|DAREDEVIL No. 1, February 2016|
Having somehow placed “Matt Murdock mysteriously back in New York City, his secret identity once again intact and practicing law” Issue One of “Marvel’s All-New, All-Different” “Daredevil” undoubtedly proved a rather unsettling read to some of its 84,500 strong audience in December 2015. Indeed without any explanation whatsoever, except that Charles Soule’s infinitely more seriously-toned narrative is set “eight months after the events of Secret Wars”, this twenty-page periodical depicts a superhero utterly unrecognisable from the titular character who had made “a home for himself in the Golden Gate City” under the creative team of Mark Waid and Chris Samnee.
Such a dramatic change in direction for the ‘Man Without Fear’ doesn’t take too long to accept however, as the title’s new writer immediately throws the masked vigilante into a no holds barred fist-fight with a gang of ‘tooled-up’ criminal heavies, and simultaneously introduces the fact that ‘his’ version of Hornhead is accompanied by a new partner; the “illegal Chinese immigrant” Sam Chung, also known as Blindspot. This ability to merge pulse-pounding action with the Milwaukee-born author’s rather edgy alterations to Murdock’s mythos is undoubtedly one of Soule’s greatest strengths and even allows him to be forgiven for ‘reverting’ Foggy Nelson back into a rather tiresome, somewhat self-centred bore, who refuses to help Matt ‘ever again’ “just because you let me remember” who Daredevil really is…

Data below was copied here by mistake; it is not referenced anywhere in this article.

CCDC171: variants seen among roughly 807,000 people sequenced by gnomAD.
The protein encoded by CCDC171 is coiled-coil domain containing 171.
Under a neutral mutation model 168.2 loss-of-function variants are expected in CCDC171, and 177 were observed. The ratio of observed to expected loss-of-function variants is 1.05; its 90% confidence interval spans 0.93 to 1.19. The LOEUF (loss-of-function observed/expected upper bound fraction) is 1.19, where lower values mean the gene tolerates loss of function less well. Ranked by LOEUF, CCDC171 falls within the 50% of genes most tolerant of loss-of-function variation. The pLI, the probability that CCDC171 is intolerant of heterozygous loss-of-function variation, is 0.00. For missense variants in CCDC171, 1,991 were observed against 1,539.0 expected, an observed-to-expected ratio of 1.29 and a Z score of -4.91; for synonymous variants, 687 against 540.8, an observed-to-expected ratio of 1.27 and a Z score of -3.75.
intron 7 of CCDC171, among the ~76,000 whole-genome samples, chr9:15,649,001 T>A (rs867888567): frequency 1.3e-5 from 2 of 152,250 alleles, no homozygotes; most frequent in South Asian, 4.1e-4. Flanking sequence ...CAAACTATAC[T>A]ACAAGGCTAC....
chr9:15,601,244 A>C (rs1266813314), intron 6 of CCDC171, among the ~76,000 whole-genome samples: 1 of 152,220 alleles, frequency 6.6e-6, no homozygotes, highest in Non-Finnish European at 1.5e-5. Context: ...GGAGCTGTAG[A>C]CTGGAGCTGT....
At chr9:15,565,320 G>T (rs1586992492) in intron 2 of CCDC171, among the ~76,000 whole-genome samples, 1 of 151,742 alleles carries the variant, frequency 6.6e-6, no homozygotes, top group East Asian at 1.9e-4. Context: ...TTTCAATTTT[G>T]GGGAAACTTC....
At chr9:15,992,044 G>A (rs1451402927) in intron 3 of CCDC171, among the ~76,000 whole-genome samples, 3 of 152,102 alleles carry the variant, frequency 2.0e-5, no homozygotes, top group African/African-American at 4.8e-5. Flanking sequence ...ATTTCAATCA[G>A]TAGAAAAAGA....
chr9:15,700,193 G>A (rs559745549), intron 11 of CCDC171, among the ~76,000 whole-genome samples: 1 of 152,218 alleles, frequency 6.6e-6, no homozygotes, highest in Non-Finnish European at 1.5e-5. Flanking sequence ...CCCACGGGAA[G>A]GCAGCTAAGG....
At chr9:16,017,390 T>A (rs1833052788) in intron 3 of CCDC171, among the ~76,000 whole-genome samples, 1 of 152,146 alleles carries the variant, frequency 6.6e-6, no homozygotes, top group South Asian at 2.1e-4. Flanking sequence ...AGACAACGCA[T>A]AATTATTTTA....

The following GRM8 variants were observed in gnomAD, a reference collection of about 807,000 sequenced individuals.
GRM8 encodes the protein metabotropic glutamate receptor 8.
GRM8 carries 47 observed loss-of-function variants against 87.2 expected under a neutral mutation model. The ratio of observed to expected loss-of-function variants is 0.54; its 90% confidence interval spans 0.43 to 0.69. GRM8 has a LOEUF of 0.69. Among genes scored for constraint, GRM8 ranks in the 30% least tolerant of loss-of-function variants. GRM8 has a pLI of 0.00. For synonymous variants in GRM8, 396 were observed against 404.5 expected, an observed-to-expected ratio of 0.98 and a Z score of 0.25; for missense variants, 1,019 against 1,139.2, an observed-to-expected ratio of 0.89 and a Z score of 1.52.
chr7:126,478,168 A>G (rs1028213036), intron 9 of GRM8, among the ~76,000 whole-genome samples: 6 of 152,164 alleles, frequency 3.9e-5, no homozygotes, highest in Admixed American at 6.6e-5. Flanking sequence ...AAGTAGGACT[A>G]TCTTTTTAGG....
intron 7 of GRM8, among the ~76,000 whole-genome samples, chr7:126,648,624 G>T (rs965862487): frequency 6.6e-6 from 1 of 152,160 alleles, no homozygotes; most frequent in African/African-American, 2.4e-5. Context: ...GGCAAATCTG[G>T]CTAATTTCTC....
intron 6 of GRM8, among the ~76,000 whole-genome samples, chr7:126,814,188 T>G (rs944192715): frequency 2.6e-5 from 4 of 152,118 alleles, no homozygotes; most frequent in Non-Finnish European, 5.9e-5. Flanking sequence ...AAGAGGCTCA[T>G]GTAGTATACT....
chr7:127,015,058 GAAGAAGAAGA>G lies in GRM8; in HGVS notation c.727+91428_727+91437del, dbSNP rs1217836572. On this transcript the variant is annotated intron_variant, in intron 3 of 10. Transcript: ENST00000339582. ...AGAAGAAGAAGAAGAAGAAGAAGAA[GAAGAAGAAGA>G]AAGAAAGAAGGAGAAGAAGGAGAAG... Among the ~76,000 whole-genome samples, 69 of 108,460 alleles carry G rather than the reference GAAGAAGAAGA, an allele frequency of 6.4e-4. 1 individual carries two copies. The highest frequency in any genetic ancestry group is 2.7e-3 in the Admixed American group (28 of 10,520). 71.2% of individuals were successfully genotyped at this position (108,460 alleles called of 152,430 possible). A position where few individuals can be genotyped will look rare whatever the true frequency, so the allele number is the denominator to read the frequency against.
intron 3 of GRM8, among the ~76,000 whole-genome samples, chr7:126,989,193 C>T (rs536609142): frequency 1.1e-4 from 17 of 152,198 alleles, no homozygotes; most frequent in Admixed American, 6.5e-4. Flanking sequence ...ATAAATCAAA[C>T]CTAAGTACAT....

Arguably though any storyline which crams so much drama into its first half, including a wonderfully tense underwater scene where the superhero uses a wrecked car littering “the bottom of the East River” to help his radar sense pinpoint a drowning criminal, was always going to struggle not to run out of steam... And sadly the “New York Times best-selling comic book” writer’s script falls into just such a trap, with a decidedly wordy final third which dwells far too long upon the blind lawyer’s new role as an assistant district attorney; “You might know me as Matt Murdock, Defence attorney, here to help. That guy’s gone. I’ve changed sides.”
Possibly just as difficult to become accustomed to as Soule’s changes to Daredevil’s circumstances is Ron Garney’s “very dark” highly-stylized artwork. Strangely reminiscent of some of Frank Miller’s drawings of Hornhead, the motion picture costume illustrator undoubtedly provides this magazine with a very unique-looking “Film Noir” style to its panels. But whilst this artistic panache definitely manages to imbue his fights scenes with raw dynamism, it does prove somewhat disappointingly bland when portraying the more sedentary aspects of the narrative, such as Murdock’s lengthy ‘office-bound’ conversation with Ellen King.
|The 'Action Figure' variant cover art of "DAREDEVIL" No. 1 by John Tyler Christopher|